Reviewed by:J.Jankaew

Period:2

This story is mainly about a girl named Annie and her life. Annie's mother is pregnant. She has one brother already. Most of the time when she goes to school, the track teacher of her brother asks her if she wants to join the track team. She is fast but she says no. Her grandpa lives with her. Annie's brother will have a track meet soon, but he has no shoes to wear for the meet. So Annie earns money by mowing her neighbor's lawn. She uses that money to buy her brother new shoes so he can run. During her brother's track meet, Annie's mother goes to the hospital to give birth, and now Annie has a new baby brother.

The is one quote in this story that I hate. It says "And the next instant the baby is lying there on the blue sheet and the baby is lying there not moving". I dislike that part because they are saying that the baby is not breathing, and the baby might not make it.

There is a quote that I like. It says "Wahh, Wahh and there is the baby squirming and crying and breathing." That means that the baby is now alive, and everyone is happy, and now Annie has a brother. I would be happy too if I had a new born baby brother. Tears of joy from the whole family.

My favorite part of the story is when Annie buys her brother a pair of shoes from the money she made. Annie and her brother fight a lot, but she loves him so much to be able to use the money she earned to by him shoes, so he would be able to run in the track meet. I like that part because it is showing that she would probably do anything for him. Annie wanted to buy something else for herself, but she saw that her brother really wanted new shoes badly, so she bout it for him secretly. That would make me happy if someone did that for me.
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8 of 10 people found the following review helpful By Reader on May 19, 2005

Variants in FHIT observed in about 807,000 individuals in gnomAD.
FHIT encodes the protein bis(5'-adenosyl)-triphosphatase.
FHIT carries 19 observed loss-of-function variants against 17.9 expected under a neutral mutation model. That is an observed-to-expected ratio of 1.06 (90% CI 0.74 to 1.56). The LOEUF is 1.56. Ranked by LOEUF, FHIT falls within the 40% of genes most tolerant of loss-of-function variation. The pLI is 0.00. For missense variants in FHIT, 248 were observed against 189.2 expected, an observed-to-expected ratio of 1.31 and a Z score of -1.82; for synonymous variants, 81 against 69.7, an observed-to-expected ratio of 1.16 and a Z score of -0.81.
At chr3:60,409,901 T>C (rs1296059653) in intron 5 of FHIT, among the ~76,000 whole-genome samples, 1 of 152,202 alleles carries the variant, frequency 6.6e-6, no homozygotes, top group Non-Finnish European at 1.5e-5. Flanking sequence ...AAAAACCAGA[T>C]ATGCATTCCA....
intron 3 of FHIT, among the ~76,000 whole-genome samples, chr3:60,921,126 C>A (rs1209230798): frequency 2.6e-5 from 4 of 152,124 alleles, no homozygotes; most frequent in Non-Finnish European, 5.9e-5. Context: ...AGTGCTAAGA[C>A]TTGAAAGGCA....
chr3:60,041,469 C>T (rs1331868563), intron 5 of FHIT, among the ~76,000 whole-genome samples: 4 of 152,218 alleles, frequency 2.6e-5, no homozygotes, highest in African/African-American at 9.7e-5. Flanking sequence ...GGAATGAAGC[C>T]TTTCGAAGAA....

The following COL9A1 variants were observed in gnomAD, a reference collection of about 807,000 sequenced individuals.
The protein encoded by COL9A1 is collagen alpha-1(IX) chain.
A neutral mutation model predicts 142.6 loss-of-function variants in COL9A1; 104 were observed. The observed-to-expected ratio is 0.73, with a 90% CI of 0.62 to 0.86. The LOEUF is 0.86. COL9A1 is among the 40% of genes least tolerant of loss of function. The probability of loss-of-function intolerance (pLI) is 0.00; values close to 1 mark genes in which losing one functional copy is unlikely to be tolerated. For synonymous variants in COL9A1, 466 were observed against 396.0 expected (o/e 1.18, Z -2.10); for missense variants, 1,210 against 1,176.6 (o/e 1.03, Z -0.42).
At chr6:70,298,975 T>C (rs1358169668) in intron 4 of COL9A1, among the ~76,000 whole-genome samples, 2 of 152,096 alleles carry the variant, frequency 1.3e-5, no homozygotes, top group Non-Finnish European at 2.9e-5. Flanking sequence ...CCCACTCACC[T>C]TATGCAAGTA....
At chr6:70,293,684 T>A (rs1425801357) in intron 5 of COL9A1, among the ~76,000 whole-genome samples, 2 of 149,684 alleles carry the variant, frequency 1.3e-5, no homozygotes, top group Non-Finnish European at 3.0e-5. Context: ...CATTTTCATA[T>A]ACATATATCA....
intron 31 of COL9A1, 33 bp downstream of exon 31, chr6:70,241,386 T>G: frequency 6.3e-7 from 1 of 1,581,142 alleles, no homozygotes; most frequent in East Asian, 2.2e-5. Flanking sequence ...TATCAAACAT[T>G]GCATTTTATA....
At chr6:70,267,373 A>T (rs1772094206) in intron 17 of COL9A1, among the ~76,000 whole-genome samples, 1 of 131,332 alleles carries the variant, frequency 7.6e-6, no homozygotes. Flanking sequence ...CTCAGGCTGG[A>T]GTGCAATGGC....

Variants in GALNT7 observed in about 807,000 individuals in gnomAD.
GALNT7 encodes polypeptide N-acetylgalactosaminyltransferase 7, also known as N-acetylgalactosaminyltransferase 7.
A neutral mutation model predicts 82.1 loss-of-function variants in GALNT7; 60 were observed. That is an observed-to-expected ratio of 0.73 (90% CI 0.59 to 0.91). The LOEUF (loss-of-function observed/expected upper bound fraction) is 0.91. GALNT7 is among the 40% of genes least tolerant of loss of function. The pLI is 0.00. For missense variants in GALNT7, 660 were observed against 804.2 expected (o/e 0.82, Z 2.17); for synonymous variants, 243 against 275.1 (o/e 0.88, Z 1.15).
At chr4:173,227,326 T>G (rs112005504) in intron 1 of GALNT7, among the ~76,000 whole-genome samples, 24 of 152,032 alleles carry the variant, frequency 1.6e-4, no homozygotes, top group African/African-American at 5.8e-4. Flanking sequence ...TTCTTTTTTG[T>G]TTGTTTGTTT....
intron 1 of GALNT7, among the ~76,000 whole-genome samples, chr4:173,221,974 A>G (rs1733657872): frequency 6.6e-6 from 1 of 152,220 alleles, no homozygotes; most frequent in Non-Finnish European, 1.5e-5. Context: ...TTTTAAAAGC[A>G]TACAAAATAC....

Format: Hardcover
It is so rare to find a book told from the point of view of a 12 year old that anybody over 12 could bear to read! This book is a great book for reluctant readers- told in a loose poem form, it is highly readable, moves along quickly, and has a wonderful rhythm to it. It is wonderful for children whose life is in flux (which means just about all 10-13 year olds- a tough age for books, as they have outgrown a lot of the children's books but are not necessarily ready for young adult books). Lots of emotional issues flow through the book, but it is still a good choice for children who are uncomfortable with too much intensity in books, as the writing is light and nuanced and the issues are handled with care. However, as another reviewer noted, it is completely different from Walk Two Moons. In our house, that was a good thing, but if you have major WTM fans in your house you might want to look at the preview pages first.
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3 of 3 people found the following review helpful By R. Ekker on July 21, 2005
Format: Hardcover Verified Purchase
Sharon Creech never fails to wring at at least a bit of emotion out of me and she did it again with the relationship between Annie and her failing grandpa. This is a simple story told in an interesting way and it deals with some pretty deep subject matter. I wasn't as moved by this book as I was by Creech's Love That Dog, which is written in the same prose, but this story is much more complex and less emotion based. It is a very good book. As a teacher I would recommend it to fifth or sixth grade girls.